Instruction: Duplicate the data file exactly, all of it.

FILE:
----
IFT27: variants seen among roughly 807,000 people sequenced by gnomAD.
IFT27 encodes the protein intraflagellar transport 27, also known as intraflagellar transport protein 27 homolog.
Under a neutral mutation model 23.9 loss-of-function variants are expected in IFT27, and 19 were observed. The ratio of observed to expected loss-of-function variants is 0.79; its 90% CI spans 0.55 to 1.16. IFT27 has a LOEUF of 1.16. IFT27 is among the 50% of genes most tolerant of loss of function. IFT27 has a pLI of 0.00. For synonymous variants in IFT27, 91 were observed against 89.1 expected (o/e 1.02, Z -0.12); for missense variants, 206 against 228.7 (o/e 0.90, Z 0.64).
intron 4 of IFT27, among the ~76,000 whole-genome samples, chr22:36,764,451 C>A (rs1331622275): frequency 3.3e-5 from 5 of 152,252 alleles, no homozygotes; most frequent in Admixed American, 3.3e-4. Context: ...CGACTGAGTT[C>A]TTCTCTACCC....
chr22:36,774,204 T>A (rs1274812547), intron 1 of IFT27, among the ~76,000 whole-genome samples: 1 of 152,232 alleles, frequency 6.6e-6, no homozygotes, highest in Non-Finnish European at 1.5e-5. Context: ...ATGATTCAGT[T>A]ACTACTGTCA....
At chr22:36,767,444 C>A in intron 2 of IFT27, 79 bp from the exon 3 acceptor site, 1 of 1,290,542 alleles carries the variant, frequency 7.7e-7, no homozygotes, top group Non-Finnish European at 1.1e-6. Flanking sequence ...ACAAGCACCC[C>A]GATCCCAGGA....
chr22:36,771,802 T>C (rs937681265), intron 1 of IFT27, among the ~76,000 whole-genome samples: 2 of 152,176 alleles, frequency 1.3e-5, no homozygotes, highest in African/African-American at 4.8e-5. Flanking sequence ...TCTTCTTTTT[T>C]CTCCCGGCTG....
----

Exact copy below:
IFT27: variants seen among roughly 807,000 people sequenced by gnomAD.
IFT27 encodes the protein intraflagellar transport 27, also known as intraflagellar transport protein 27 homolog.
Under a neutral mutation model 23.9 loss-of-function variants are expected in IFT27, and 19 were observed. The ratio of observed to expected loss-of-function variants is 0.79; its 90% CI spans 0.55 to 1.16. IFT27 has a LOEUF of 1.16. IFT27 is among the 50% of genes most tolerant of loss of function. IFT27 has a pLI of 0.00. For synonymous variants in IFT27, 91 were observed against 89.1 expected (o/e 1.02, Z -0.12); for missense variants, 206 against 228.7 (o/e 0.90, Z 0.64).
intron 4 of IFT27, among the ~76,000 whole-genome samples, chr22:36,764,451 C>A (rs1331622275): frequency 3.3e-5 from 5 of 152,252 alleles, no homozygotes; most frequent in Admixed American, 3.3e-4. Context: ...CGACTGAGTT[C>A]TTCTCTACCC....
chr22:36,774,204 T>A (rs1274812547), intron 1 of IFT27, among the ~76,000 whole-genome samples: 1 of 152,232 alleles, frequency 6.6e-6, no homozygotes, highest in Non-Finnish European at 1.5e-5. Context: ...ATGATTCAGT[T>A]ACTACTGTCA....
At chr22:36,767,444 C>A in intron 2 of IFT27, 79 bp from the exon 3 acceptor site, 1 of 1,290,542 alleles carries the variant, frequency 7.7e-7, no homozygotes, top group Non-Finnish European at 1.1e-6. Flanking sequence ...ACAAGCACCC[C>A]GATCCCAGGA....
chr22:36,771,802 T>C (rs937681265), intron 1 of IFT27, among the ~76,000 whole-genome samples: 2 of 152,176 alleles, frequency 1.3e-5, no homozygotes, highest in African/African-American at 4.8e-5. Flanking sequence ...TCTTCTTTTT[T>C]CTCCCGGCTG....